"The ability of cells to use the actin cytoskeleton for a diversity of cellular processes is due to the fact that actin filaments, although assembled from identical subunits, are organized in a wide variety of structures of appropriate geometrical, dynamical and rheological properties. Key players in this regulation are specific sets of actin binding proteins (ABPs) interacting with each actin networks, to modulate spatially and temporally their properties.
With this project, I want to understand 1/ how cells can generate the formation of actin structures of appropriate ABP composition from a common pool of cytoplasmic components and 2/ the relationship between the ABP composition of an actin network, its geometrical and dynamical properties, and its response to mechanical deformations.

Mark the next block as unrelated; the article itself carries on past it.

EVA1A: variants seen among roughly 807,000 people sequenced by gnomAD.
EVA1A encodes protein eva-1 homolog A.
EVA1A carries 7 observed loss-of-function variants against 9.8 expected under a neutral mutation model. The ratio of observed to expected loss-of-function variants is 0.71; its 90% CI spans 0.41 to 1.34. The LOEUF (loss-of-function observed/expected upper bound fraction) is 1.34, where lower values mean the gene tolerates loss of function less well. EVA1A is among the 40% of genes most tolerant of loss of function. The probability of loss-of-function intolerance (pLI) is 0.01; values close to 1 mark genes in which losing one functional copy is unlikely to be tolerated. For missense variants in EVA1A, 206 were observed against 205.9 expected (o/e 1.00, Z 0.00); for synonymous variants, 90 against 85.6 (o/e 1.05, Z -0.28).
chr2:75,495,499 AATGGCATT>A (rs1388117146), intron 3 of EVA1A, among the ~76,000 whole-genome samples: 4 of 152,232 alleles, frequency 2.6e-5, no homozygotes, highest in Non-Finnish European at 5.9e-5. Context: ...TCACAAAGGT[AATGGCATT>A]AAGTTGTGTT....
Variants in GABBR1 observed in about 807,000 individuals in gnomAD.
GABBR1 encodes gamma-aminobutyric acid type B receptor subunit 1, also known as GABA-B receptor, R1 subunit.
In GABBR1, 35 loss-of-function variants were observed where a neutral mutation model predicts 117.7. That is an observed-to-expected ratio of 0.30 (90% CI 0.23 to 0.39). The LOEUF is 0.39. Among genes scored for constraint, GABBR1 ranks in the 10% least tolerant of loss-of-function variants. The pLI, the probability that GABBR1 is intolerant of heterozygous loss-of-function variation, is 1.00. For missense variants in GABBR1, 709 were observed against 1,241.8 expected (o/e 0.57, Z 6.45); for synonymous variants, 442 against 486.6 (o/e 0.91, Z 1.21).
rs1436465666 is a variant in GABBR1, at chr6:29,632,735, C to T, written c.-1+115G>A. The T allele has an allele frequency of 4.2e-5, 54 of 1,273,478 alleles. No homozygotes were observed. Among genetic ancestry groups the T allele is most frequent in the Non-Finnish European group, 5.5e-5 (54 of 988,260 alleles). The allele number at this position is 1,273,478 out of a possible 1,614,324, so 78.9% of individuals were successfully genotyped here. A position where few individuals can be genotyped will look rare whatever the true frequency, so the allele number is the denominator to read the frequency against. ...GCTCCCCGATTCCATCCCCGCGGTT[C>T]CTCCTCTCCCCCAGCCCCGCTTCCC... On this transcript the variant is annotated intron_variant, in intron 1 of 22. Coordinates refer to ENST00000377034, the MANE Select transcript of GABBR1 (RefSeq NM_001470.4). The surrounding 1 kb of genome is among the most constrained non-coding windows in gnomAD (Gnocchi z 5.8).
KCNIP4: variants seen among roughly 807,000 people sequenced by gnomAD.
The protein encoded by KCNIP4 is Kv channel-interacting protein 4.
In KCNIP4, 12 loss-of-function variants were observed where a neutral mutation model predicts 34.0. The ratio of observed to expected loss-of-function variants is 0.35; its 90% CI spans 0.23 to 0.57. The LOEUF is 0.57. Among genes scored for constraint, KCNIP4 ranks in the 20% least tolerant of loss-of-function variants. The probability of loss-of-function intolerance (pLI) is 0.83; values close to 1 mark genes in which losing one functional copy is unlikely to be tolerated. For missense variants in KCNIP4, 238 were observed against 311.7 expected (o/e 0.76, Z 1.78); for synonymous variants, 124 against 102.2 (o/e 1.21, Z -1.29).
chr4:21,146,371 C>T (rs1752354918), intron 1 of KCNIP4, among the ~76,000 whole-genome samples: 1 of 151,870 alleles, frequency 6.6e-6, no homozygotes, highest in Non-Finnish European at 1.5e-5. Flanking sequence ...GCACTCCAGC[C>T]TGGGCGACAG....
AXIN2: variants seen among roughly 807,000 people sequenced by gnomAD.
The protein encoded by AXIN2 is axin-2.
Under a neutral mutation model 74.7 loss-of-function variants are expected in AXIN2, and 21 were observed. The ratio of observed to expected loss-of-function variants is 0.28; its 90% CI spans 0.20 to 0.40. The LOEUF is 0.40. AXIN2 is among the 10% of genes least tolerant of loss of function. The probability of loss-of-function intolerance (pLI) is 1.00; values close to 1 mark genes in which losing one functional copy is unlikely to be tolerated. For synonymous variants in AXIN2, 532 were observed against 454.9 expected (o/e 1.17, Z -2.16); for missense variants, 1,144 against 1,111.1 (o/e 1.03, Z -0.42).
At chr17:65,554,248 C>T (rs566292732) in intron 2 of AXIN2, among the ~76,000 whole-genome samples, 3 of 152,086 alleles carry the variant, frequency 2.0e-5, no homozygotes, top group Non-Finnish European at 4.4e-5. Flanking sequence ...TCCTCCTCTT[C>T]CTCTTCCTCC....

I will hypothesize that the generation of an actin network of appropriate ABP composition can be explained with an original model, taking into account the facts that 1/ actin filaments in cells are not all structurally identical, but adopt specific conformations that are favored and stabilized by certain families of ABPs; and 2/ the interaction of ABPs with actin depends of the geometrical organization of the filaments.
Because this project imposes to study protein-protein interactions in the presence of multiple partners, I propose to develop an unprecedented strategy combining 1/ ""bottom-up"" reconstitutions, where limited sets of ABPs are added one-by-one in the system to understand their combined activities with actin; and 2/ ""top-down"" reconstitutions with protein extracts prepared from a genetically-tractable organism (the yeast S. cerevisiae), where proteins can be removed one-by-one, in order to study actin network properties in near-physiological conditions.
This project will shed a new light on how cells organize their interior, and will represent a unique opportunity to understand how modifications in the expression of ABPs are associated with actin network defects.
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